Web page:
The Dewey Decimal System is one of the most challenging of the topics I have studied in the course so far. Although I am a fairly logical person, I find it quite difficult and at times frustrating to understand the process of allocating numbers after the decimal point in DDC23.
A solution for every challenge
Most schools in my experience, use Schools Online Information System (SCIS) to download the bibliographic information needed for the commercially purchased objects. Only if items are locally produced will TLs have to allocate Dewey numbers to resources. On the subject forum students are questioning the need for us to learn Dewey to this extent. However, what better way to understand the principles behind the system, and to realise the value in common vocabularies and metadata than to have to allocate the numbers ourselves. The use of the online WebDewey to complete study exercises and the assignment is giving us the knowledge and practice that may well be vital to the future retrieval of information for many searchers.
Education Services Australia Ltd. (2013). School Library Services. retrieved 24th September 2013 from http://www.esa.edu.au/services/school-library-services
Online Computer Library Center, Inc. (OCLC). (2011). WebDewey. Retrieved on Sept 24th, 2013 from http://www.dewey.org/webdewey/standardSearch.html
Image: Personal collection.
A friend in my PLN alerted me to an interesting website – that on viewing I felt may not be completely up-to-date. I was reminded of the comprehensive site set up by Larry Johnson and Annette Lamb about Evaluating Internet Resources. Prior to working through these processes while building a Topic Pathfinder for assessment in ETL501 (Information Environment), I really was one of those people who mostly just trusted what I accessed online. As a result of these TL course processes, I now hold a healthy scepticism about information until I have verified its authenticated source.
Be warned – Always learning . .
Not only does this site link to many other sites (such as Kathy Schrock’s), but also lists comprehensive evaluation criteria (I must create a SlideShare based on this!) and concludes with useful activities to test out some of their suggestions. By finding and using such sites through this course, I have certainly improved my own information literacy in the digital realm.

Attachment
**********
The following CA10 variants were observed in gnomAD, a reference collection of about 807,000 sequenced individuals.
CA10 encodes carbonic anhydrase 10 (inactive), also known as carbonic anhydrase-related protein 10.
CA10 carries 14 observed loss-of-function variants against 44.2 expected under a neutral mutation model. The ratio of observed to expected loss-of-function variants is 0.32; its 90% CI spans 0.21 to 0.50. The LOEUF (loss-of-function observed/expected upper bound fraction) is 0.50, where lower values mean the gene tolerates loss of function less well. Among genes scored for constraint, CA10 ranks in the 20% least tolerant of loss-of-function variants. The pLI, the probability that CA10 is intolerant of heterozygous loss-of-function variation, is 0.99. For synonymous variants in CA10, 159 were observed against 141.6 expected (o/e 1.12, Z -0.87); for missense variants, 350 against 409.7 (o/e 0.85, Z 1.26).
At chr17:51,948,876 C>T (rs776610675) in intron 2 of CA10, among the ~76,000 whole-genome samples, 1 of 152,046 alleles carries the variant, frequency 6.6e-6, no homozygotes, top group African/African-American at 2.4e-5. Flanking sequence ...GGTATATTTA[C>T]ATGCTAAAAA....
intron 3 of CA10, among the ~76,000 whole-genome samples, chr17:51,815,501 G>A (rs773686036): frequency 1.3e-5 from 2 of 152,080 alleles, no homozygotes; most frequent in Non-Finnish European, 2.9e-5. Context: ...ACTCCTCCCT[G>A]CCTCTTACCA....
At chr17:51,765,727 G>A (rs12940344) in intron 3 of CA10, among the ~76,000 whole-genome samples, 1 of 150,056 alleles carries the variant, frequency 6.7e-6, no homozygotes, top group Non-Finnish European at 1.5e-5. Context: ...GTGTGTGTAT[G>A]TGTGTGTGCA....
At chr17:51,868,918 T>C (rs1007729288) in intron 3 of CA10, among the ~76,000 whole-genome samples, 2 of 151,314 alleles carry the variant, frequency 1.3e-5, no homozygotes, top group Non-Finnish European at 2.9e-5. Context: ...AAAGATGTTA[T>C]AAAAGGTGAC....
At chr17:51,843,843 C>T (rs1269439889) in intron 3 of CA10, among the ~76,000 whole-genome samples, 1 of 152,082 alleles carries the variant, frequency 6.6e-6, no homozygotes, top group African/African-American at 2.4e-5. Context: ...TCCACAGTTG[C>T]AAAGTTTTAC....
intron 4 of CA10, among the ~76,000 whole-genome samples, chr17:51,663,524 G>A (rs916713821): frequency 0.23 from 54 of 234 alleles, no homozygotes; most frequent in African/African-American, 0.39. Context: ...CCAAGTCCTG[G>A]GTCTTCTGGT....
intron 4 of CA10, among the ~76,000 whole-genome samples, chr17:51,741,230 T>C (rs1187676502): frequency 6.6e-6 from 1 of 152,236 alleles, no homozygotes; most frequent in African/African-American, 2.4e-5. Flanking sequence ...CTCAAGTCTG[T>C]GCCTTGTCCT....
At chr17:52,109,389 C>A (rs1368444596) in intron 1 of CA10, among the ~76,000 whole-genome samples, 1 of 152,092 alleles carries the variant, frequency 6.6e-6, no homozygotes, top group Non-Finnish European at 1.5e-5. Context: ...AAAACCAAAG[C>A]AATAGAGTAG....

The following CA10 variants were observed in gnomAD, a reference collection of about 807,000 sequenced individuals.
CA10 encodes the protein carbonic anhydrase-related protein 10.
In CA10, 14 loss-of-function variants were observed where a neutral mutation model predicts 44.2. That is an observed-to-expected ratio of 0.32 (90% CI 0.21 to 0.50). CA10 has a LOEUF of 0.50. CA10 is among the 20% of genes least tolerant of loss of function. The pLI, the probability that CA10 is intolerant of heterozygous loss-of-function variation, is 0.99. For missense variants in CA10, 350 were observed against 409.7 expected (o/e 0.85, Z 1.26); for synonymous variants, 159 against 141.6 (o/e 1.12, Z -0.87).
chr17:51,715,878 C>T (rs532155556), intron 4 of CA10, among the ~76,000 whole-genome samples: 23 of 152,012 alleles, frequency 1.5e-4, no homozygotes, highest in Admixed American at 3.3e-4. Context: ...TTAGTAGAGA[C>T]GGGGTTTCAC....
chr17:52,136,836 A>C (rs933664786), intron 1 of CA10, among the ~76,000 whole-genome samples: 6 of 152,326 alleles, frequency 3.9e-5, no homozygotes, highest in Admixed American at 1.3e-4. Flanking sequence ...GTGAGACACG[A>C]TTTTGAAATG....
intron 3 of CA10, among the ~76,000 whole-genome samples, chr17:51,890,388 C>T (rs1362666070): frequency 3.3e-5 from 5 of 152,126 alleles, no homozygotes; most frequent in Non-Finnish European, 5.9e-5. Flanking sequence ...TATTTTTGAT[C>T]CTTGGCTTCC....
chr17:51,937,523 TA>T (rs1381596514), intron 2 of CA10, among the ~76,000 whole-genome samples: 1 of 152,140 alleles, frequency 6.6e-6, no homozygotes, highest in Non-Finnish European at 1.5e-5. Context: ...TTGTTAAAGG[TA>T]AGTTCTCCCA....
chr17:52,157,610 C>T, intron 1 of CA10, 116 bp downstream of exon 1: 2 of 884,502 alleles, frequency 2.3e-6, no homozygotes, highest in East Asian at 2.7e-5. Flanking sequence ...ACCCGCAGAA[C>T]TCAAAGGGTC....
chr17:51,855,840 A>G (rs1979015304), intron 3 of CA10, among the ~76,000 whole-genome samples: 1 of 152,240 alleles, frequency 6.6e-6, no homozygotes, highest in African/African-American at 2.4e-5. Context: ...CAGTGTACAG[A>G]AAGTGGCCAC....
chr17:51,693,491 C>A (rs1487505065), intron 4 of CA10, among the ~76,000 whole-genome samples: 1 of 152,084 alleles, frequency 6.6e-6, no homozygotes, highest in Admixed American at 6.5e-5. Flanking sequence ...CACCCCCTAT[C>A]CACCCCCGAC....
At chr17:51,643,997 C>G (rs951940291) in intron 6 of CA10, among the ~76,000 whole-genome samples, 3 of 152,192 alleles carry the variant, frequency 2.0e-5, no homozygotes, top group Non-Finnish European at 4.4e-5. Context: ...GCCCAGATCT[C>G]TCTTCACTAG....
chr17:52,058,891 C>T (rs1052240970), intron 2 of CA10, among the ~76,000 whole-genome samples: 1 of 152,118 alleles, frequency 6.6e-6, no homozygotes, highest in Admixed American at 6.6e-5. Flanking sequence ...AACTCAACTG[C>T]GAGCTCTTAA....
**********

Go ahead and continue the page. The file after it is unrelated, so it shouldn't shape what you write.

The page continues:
Image: Personal collection.
Wow the three and a half days of ‘feasting’ at the Brisbane Study Visit were jam-packed and amazing! As the plethora of information increases, our ability to support people in their ‘search’ is becoming even more important. We need more – not less – capable information specialists!
Some ‘hands-on’ required!
The CSU Brisbane Study Visit has made me realise the great variety of potential career paths that are possible in the ‘information’ area – involving all manner of things past, present and future. Recorded information, current creations and potential future digital/virtual directions – the ‘information’ environment encompasses them all!
Keeping up-to-date and building my own ability (particularily with technology) and keeping an ‘open mind’ about jobs is what I’ve taken from the Brisbane study visit. I need to be prepared to take each professional opportunity and build on it to increase my capacity to serve in an ‘Information Specialist’ role.
Communicating – creating that link between information and people – is so important in any library/information portal. To have a more far-reaching effect, we need to continue to learn new ways to communicate ‘on-line’ with innovation – but we should never underestimate the value of oral communication.
Preservation of artifacts.
The power and necessity of being able to ‘present’ effectively to an audience (and flexibility when time is cut back) – is another essential attribute I believe is needed by library personnel. Whether assisting one person at the desk (standing side-by-side now); conducting generic group search instruction or presenting to a large group of professionals – good speaking/listening skills are essential.
All the more effective if that oral communication is supported by a ‘professional-looking’ presentation using technologies with a visual emphasis (images, slides, screencasts etc). We need to continually improve our service of the access requirements of our clients – through as many modes as possible – primarily including visual, auditory and oral means. If we want to support ‘life-long’ learners – we need to be one as well!
Powering digital connections.
Images: Personal collection Carey Leahy – State Library Qld.
So many applications are available to create interesting, eye-catching visual information. Smore is one I’ve learned about today through a student colleague. I’m planning to give this a go and see how many places I can use it.
Trending Flyers in Australia – Smore.